New book on local theatre legend

Builder of Sleaford Playhouse, Joseph Smedley. EMN-181130-160212001
Builder of Sleaford Playhouse, Joseph Smedley. EMN-181130-160212001

The story of an actor and theatre manager based in the region who built the Sleaford Playhouse has been told in a new book out this week.

The book, entitled The Life and Times of Joseph Smedley, 1784-1863, was released yesterday (Tuesday) by distant relation Richard E Smedley, a retired general manager of Nottingham Theatre Royal and Concert Hall and former vice president of the Institute for Entertainment and Arts Management who now lives in Sutton on Trent.

Sleaford Playhouse. EMN-181130-160542001

Sleaford Playhouse. EMN-181130-160542001

He says: “Joseph Smedley was active during the first half of the 19th century. He toured continuously, particularly throughout Lincolnshire, but built up a very large circuit covering more than five counties.”

He said the book also explains the events and people of the time that affected him and his work.

Richard, who managed the London Palldium during his career, said: “I was first attracted by the name on a plaque on a building in Southwell that used to be a theatre he managed. I am a theatre historian and my research has taken five years on and off.”

Having learned his craft with Robertson’s Lincoln Company Smedley had set up his own company of players. Basing himself in Grimsby Joseph Smedley toured the county, holding leases on venues which included yards of public houses, parks and some genuine early theatres, in Market Deeping, Alford, Caistor, Bourne, Sleaford and Folkingham. Later he managed more productions in Horncastle and Spilsby and out of the county.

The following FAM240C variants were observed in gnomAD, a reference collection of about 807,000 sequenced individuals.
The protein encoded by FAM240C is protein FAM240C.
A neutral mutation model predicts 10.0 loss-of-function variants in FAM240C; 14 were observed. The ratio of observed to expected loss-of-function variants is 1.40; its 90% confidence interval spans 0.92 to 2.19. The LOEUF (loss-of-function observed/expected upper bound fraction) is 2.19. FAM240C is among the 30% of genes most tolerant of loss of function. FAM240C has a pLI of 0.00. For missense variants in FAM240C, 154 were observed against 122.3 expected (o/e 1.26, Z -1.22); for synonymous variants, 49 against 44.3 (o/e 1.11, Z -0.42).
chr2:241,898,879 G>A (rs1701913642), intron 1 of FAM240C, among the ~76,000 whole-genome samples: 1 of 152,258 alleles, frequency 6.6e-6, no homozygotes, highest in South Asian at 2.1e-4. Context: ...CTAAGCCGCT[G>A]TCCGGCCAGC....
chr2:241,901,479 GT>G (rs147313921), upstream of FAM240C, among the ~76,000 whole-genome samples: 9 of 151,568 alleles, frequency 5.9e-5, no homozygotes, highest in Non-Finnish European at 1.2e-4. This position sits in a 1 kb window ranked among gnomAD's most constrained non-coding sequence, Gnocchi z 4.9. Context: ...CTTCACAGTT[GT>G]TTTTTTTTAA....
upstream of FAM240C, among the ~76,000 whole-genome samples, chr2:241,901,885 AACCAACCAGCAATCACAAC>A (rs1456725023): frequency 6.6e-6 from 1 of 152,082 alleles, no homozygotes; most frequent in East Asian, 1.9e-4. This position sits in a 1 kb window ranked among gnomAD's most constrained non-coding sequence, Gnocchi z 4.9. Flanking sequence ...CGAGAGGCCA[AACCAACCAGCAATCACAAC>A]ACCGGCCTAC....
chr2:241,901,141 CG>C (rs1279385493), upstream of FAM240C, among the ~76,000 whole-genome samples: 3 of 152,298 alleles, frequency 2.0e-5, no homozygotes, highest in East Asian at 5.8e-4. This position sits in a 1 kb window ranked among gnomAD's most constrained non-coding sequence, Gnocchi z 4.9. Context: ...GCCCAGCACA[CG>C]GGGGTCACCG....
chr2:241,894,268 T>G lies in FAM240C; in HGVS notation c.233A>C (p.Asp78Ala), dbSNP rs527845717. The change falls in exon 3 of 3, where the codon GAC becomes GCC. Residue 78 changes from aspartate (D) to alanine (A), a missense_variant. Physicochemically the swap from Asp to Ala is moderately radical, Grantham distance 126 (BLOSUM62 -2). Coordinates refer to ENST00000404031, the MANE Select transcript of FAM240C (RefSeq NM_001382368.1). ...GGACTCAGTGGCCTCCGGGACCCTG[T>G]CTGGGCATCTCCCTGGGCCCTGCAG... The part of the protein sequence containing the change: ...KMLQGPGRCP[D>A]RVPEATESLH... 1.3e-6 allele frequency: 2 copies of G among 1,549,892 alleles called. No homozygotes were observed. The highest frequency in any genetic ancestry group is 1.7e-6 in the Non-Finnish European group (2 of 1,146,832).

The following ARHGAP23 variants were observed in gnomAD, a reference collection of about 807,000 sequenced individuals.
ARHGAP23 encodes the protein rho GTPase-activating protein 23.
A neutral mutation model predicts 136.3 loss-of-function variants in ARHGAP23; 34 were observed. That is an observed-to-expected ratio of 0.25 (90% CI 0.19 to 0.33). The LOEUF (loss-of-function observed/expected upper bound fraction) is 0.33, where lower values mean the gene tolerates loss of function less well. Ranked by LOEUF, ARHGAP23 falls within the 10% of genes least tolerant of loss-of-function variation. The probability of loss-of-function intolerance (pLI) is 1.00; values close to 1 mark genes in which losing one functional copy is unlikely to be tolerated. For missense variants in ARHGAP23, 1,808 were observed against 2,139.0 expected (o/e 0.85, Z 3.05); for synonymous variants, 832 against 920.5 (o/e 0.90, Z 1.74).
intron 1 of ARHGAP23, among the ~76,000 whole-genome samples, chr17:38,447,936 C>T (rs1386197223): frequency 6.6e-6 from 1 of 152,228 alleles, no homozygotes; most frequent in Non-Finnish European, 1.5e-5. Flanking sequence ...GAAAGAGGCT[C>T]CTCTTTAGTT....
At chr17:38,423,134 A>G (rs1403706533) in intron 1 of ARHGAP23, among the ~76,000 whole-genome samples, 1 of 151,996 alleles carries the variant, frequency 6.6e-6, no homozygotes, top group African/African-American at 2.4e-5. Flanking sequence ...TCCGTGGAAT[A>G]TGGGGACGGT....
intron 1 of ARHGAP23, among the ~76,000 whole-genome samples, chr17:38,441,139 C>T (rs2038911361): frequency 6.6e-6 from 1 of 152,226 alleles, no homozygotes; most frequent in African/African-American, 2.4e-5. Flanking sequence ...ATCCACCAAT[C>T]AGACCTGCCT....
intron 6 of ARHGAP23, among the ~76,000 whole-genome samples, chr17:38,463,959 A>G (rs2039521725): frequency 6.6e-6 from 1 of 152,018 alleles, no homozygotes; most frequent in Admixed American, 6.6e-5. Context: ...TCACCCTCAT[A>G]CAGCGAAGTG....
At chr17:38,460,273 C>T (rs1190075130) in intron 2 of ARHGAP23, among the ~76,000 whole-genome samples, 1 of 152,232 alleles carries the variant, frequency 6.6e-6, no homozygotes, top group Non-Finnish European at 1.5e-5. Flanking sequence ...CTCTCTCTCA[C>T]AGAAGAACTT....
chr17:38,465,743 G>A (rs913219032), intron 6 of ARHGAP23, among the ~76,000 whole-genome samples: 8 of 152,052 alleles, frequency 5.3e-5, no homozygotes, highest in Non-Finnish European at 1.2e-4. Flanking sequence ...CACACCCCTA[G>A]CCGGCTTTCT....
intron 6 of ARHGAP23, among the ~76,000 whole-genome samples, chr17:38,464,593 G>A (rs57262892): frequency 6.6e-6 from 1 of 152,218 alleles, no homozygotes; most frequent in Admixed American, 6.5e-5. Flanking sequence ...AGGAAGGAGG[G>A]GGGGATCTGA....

Richard E Smedley's new book - The Life and Times of Joseph Smedley. EMN-181130-160241001

Richard E Smedley's new book - The Life and Times of Joseph Smedley. EMN-181130-160241001

Richard said: “Up till this time travelling theatre troupes didn’t have a good reputation, known for thieving, drunkeness and debauchery, but he would not have that with his company and fought very hard to keep everything legal and above board. He was a very proud man.”

His life is told through the contents of play bill posters that were discovered up a chimney in Horncastle and old archives. Having built the theatre in Sleaford he later retired from the business and bought a printing business in the town. There is a plaque to him in St Denys’ Church and his family graves are in the old part of the town cemetery. Richard would like to a see a campaign to restore them.

Of the Sleaford Playhouse, Richard said it was one of the last of its kind: “After that the style of architecture of theatres changed. It is gratifying that it is again being used as a theatre.”

The book, published by Clink Street, is available to order from most bookshops and online from Amazon as well as being an ebook.